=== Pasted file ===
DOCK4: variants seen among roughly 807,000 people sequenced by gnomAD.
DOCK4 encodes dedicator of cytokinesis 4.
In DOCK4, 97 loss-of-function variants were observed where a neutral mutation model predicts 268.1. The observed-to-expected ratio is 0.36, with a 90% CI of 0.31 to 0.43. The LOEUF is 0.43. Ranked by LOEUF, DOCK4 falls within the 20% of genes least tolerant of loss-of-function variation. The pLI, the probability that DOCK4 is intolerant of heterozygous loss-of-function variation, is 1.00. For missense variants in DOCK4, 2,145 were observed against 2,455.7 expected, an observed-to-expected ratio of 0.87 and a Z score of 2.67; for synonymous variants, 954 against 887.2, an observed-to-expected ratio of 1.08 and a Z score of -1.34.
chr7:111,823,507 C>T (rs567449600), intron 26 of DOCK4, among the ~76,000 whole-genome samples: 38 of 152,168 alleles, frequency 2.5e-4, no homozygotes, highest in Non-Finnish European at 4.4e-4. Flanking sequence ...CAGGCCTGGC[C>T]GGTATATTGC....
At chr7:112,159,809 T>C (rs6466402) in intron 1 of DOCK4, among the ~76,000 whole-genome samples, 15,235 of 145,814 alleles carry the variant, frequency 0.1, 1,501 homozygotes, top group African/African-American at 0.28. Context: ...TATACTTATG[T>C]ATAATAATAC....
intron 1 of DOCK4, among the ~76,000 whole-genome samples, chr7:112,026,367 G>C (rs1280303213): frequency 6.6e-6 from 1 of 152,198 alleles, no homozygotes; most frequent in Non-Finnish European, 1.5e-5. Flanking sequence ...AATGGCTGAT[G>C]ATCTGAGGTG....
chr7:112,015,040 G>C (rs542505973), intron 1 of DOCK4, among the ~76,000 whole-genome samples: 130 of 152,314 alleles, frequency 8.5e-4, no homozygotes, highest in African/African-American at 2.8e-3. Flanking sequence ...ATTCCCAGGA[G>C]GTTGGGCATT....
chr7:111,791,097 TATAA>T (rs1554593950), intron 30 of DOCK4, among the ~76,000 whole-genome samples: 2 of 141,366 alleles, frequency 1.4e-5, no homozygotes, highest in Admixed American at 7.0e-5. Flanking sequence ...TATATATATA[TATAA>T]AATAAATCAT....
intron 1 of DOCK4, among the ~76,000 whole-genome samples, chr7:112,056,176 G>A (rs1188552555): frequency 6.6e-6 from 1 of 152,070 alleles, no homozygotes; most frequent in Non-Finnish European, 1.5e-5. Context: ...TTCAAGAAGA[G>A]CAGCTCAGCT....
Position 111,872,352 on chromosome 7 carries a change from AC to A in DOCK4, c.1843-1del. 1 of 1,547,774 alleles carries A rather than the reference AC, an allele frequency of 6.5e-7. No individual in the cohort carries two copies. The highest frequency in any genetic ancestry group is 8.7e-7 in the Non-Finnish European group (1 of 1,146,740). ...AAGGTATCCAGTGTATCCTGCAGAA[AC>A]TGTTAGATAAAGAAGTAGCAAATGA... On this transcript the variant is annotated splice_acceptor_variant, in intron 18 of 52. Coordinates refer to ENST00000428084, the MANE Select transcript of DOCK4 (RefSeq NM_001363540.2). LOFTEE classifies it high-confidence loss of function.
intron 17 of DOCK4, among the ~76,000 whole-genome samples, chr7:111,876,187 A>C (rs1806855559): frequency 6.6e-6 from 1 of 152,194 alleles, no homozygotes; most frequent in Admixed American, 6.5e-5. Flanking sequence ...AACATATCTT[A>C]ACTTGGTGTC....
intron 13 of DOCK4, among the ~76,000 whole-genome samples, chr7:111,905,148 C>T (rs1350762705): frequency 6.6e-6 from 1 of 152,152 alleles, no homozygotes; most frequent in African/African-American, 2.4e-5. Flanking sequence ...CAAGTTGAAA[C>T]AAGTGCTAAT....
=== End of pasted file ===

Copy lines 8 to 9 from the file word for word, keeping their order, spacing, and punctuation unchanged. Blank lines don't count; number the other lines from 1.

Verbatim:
chr7:111,791,097 TATAA>T (rs1554593950), intron 30 of DOCK4, among the ~76,000 whole-genome samples: 2 of 141,366 alleles, frequency 1.4e-5, no homozygotes, highest in Admixed American at 7.0e-5. Flanking sequence ...TATATATATA[TATAA>T]AATAAATCAT....
intron 1 of DOCK4, among the ~76,000 whole-genome samples, chr7:112,056,176 G>A (rs1188552555): frequency 6.6e-6 from 1 of 152,070 alleles, no homozygotes; most frequent in Non-Finnish European, 1.5e-5. Context: ...TTCAAGAAGA[G>A]CAGCTCAGCT....